Stalwart defender Pat Rice and goalkeeper Bob Wilson were to work at the club for their following two doubles. Charlie George wrote his name into folklore with the winner against Liverpool in the cup - and subsequent Gazza-esque celebration, a whole 25 years prior - while Ray Kennedy, Frank McLintock and John Radford were all fan favourites, too. A proper football side that your mum or dad would’ve been to see, with a Highbury marching band at half-time. Lovely stuff.
After three years of being Manchester United’s bridesmaid, Arsenal wrestled back the title in 2001/02 - in some style. The Gunners went to Old Trafford for a midweek clash after clinching another FA Cup final against Chelsea, beating Sir Alex Ferguson’s team 1-0 without Pires, Bergkamp or Henry.
This was fully Arsene Wenger’s team by now. Ashley Cole had burst into the side, Kanu was the back-up option up top and Patrick Vieira had Edu and Ray Parlour for partners. This was when Arsenal really first became known for graceful football after securing Wenger’s first title with sheer power and might.
4. 1930 - 1933
Every football team since the Second World War can be traced back to Herbert Chapman and his revolutionary white-sleeved gentlemen of the 1930s. Arsenal won their second title in three years in 1932/33, scoring freely and ripping up the tactics book of everything that been established in the game up till that point.
Chapman’s incredible WM formation was implemented first by his Arsenal team before it was copied and tinkered with over the next 30 years. That particular season, Cliff Bastin netted 33 league goals - in time, he was to become Arsenal’s top scorer until Ian Wright broke his record in the 1990s. One of the greatest pre-WWII teams of all time and one of Arsenal’s very best.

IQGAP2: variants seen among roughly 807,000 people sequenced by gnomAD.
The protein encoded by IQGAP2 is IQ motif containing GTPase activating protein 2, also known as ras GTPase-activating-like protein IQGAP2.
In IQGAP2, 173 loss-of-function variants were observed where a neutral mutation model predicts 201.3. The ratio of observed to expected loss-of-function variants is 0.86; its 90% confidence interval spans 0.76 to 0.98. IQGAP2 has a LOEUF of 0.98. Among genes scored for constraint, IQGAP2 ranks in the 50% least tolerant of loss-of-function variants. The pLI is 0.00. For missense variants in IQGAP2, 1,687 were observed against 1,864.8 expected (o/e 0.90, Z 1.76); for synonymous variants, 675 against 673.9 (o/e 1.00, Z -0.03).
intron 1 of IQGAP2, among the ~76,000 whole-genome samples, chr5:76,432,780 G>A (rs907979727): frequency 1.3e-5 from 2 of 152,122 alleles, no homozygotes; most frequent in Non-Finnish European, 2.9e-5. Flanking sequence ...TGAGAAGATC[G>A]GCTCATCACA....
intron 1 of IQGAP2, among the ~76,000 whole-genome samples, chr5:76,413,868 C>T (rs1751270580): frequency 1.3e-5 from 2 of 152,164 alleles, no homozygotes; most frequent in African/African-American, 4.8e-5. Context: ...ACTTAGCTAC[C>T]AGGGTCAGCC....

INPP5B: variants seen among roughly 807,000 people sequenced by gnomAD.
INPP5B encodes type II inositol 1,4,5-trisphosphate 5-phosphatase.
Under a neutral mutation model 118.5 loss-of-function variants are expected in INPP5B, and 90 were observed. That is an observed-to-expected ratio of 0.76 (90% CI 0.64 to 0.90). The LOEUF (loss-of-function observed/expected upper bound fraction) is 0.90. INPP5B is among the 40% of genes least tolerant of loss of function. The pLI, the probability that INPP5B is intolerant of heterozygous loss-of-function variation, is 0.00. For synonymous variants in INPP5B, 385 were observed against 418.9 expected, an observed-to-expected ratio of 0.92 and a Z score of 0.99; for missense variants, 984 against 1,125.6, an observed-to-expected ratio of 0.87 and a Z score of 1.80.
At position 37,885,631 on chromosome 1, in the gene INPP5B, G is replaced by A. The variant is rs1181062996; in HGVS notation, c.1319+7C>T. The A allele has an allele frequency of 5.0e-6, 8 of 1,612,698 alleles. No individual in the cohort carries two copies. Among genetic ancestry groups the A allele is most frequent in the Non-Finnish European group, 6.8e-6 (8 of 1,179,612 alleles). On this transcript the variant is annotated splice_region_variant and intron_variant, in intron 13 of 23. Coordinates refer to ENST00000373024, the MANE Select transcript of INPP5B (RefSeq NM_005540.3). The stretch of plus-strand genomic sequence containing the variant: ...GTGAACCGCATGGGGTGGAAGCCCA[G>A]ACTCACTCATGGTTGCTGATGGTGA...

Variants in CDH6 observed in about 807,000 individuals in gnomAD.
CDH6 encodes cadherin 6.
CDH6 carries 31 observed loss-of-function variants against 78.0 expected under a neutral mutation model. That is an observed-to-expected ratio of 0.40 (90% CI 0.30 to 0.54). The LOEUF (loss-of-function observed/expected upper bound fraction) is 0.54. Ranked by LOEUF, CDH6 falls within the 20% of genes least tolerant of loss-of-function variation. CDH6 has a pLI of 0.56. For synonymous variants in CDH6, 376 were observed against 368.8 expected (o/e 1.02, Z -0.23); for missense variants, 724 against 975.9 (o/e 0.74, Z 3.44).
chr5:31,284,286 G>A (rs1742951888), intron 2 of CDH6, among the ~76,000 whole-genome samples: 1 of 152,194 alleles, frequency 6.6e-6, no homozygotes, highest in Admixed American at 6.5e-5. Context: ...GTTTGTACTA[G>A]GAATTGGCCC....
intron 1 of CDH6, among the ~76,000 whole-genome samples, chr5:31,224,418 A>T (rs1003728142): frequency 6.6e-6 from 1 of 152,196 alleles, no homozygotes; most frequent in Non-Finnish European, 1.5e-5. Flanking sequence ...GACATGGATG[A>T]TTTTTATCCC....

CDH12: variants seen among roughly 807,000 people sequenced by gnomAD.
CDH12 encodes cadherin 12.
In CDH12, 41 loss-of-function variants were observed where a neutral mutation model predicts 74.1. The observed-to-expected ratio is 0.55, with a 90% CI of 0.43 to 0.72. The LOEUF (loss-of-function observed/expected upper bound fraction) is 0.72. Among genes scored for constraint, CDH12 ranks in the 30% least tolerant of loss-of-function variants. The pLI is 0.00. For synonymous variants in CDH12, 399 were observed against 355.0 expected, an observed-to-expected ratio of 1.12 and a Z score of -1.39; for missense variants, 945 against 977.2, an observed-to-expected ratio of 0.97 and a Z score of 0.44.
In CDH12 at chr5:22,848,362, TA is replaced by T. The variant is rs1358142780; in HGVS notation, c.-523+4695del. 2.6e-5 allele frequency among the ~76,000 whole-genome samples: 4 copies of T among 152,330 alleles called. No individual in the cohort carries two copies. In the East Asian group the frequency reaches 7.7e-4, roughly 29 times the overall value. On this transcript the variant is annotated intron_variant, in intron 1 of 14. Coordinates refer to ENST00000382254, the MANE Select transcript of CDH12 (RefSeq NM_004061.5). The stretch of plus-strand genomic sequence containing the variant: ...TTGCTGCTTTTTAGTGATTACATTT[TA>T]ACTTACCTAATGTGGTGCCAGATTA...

Arsenal’s 1989 title-winning side were brave, young and daring. In 1991, they were hardened, experienced and under George Graham’s leadership, they conceded just 18 goals all campaign - despite losing Tony Adams at one stage when the Arsenal captain was sentenced to four months in prison.
This was where 1-0 to the Arsenal stopped being a song on the terraces and really wove itself into the DNA of the very club. Graham had added David Seaman between the sticks and Anders Limpar in midfield. The Gunners were absolutely formidable and cruised to the title.
Many would like to attribute Arsene Wenger winning a league and cup double, in his first full season in North London, simply down to a change of diet. Truth be told, Wenger assembled one of the most iconic Premier League sides ever to sweep the competition aside domestically - and it was far more than just banning Mars bars that delivered the silverware.
Petit and Vieira controlled the midfield with an iron fist like Arsenal sides of old, while the Gunners’ back four found new depths to the wily art of defending. This was the perfect synergy of Graham’s grit and Wenger’s continental flair, as Bergkamp, Anelka, Wright and Overmars ran riot that season. That side would probably still challenge for a title.
Were you expecting anything else?
It’s not just the style but the steel. Not just the elegance but the determination. This was one of the most complete football teams ever constructed and their ultimate legacy is simply that dreams - Arsene Wenger’s, precisely, to conquer the English game without defeat - really do come true.
Exactly how could you beat the Invincibles? Thierry Henry was a generational forward by this point, Bergkamp and Pires two of the most cultured creatives on the planet. Patrick Vieira won almost every tackle he stepped into, while Sol Campbell and Kolo Toure were as deft and technical as they were physically supreme. Ashley Cole, Freddie Ljungberg, Gilberto Silva and Lauren completed the outfielders - all of them have a case as the best at their role in Arsenal’s history - and they were all at their peak, here.
If you were a kid when Arsenal lifted that gold Premier League trophy, then we have news for you - you can support this club for the rest of your life and you will never see anything like it again. There will probably never be a more exciting side in North London. There may never be one in football, full stop.